To ask the Secretary of State for Justice, pursuant to the Answer of 7 July 2020 to Question 65980 on Prisons: Construction, what plans he has to consult (a) prison educators, (b) prison education trade unions and (c) other stakeholders before any decisions are made on the technology that will be deployed in cells.
Access to modern, secure technology to deliver education and improve outcomes for learners is key to our plans for the new prisons which are to be built across England over the next six years.
The infrastructure to enable in-cell technology has been incorporated into the construction of the new prisons at Wellingborough and Glen Parva. This infrastructure will also be designed into the four new prisons that we are building as part of our commitment to creating 10,000 additional prison places through an investment of up to £2.5 billion.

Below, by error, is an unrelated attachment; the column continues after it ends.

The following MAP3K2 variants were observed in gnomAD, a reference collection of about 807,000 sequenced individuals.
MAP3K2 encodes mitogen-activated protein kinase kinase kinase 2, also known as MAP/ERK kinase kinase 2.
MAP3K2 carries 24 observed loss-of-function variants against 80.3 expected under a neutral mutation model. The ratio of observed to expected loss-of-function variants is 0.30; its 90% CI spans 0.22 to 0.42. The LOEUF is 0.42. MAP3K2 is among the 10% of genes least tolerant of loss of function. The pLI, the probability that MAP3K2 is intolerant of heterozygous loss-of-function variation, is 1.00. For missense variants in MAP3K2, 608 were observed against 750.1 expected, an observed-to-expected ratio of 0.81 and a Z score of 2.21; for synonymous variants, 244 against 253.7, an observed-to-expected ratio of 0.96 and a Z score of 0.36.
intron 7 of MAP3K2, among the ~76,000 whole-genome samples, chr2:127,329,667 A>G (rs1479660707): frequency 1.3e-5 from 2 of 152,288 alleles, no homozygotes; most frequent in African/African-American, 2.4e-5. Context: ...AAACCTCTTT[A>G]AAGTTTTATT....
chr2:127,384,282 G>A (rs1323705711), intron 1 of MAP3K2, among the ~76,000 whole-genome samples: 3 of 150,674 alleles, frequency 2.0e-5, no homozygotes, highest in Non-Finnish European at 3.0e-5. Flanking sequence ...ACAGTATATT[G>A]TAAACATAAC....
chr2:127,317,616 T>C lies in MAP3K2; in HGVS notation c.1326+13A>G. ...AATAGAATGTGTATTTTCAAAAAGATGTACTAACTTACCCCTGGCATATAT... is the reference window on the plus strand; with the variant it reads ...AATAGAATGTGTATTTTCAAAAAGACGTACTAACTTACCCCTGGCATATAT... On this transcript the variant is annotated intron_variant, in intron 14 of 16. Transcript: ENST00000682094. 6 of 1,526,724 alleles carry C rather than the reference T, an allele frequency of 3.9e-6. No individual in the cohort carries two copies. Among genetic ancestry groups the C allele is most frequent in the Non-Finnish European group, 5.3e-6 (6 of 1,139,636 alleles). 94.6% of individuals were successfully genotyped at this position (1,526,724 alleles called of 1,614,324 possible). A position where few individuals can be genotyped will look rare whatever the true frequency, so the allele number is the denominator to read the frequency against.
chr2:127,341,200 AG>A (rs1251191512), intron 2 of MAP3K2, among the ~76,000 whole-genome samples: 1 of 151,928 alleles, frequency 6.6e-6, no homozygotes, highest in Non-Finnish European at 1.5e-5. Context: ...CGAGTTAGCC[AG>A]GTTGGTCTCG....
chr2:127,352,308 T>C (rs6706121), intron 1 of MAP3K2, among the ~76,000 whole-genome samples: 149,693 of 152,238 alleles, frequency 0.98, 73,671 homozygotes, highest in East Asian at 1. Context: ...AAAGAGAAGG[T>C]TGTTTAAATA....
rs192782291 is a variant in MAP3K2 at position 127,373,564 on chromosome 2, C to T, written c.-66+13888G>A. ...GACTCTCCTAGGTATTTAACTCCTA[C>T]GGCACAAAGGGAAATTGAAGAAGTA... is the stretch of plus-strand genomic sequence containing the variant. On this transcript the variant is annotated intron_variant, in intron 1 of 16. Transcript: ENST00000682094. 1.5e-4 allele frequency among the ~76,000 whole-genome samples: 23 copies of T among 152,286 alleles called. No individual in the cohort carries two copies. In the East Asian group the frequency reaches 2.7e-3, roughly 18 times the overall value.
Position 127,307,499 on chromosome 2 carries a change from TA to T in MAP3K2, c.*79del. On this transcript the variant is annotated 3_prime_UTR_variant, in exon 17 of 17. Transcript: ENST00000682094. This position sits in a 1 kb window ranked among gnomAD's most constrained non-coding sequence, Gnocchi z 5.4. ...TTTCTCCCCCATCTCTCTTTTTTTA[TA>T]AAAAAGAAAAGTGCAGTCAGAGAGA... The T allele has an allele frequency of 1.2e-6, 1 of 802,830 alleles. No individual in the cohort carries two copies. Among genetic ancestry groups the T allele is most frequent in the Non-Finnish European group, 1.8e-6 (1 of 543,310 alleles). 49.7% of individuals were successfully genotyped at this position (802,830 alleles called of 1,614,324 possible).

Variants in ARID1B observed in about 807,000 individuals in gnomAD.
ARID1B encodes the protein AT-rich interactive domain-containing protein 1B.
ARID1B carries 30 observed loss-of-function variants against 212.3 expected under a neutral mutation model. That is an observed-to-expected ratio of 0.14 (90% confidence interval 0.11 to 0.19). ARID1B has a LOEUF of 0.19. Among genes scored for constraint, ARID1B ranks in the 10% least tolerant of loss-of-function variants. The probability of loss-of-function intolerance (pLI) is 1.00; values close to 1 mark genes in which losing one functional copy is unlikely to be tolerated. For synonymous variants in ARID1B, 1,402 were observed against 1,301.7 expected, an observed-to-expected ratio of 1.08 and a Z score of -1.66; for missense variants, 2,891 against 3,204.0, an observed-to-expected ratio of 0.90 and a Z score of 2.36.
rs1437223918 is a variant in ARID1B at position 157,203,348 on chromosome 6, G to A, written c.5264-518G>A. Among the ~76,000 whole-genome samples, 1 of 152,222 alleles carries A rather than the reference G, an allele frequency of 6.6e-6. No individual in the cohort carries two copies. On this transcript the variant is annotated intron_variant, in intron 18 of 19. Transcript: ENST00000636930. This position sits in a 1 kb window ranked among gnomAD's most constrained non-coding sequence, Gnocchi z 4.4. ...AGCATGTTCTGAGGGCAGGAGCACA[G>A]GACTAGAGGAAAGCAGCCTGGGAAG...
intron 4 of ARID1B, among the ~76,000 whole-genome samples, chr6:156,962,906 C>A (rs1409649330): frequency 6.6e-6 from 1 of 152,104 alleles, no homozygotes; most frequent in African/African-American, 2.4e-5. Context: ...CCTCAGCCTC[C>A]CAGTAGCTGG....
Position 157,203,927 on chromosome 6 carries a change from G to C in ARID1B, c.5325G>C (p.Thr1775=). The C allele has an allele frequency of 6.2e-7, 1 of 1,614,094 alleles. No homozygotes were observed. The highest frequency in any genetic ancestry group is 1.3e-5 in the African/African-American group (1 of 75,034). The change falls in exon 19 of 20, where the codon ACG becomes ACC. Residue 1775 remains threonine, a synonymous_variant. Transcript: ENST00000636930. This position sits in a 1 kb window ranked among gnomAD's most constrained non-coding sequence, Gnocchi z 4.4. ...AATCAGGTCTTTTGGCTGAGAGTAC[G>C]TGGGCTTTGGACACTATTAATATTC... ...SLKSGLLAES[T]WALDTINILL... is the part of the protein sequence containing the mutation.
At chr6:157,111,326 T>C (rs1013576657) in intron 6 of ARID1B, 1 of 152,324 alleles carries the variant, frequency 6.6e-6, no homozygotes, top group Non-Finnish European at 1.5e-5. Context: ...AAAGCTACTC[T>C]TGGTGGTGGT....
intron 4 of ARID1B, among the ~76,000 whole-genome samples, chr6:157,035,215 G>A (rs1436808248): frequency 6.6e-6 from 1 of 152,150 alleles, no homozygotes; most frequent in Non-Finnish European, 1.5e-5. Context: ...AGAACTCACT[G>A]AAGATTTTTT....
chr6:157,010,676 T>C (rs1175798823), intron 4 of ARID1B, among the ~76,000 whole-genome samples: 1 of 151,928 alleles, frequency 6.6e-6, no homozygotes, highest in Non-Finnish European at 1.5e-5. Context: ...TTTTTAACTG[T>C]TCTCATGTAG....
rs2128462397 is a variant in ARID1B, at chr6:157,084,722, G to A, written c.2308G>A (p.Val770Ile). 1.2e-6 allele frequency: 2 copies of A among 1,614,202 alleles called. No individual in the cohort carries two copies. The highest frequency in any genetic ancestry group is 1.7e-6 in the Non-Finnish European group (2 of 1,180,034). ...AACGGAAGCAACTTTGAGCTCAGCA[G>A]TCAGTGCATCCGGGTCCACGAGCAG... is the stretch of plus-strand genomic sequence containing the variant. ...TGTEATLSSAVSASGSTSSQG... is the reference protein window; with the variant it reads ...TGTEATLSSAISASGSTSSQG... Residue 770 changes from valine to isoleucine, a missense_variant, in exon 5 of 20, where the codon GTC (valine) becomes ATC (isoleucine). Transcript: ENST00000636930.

Decisions on what the specific in-cell device for users will be is a matter for the eventual operator (public or private). We remain committed to a mixed market in custodial services and will seek to build on the successful public sector development and delivery of in-cell technology in HMP Wayland and HMP Berwyn. For any publicly-run new prisons, we will liaise with relevant stakeholders including education providers. For any privately-run prisons, it will be for the operator to decide who to liaise with in developing their education offer. Engagement with the education trade unions will be done through education providers, who are responsible for engagement with their staff and recognised trade unions.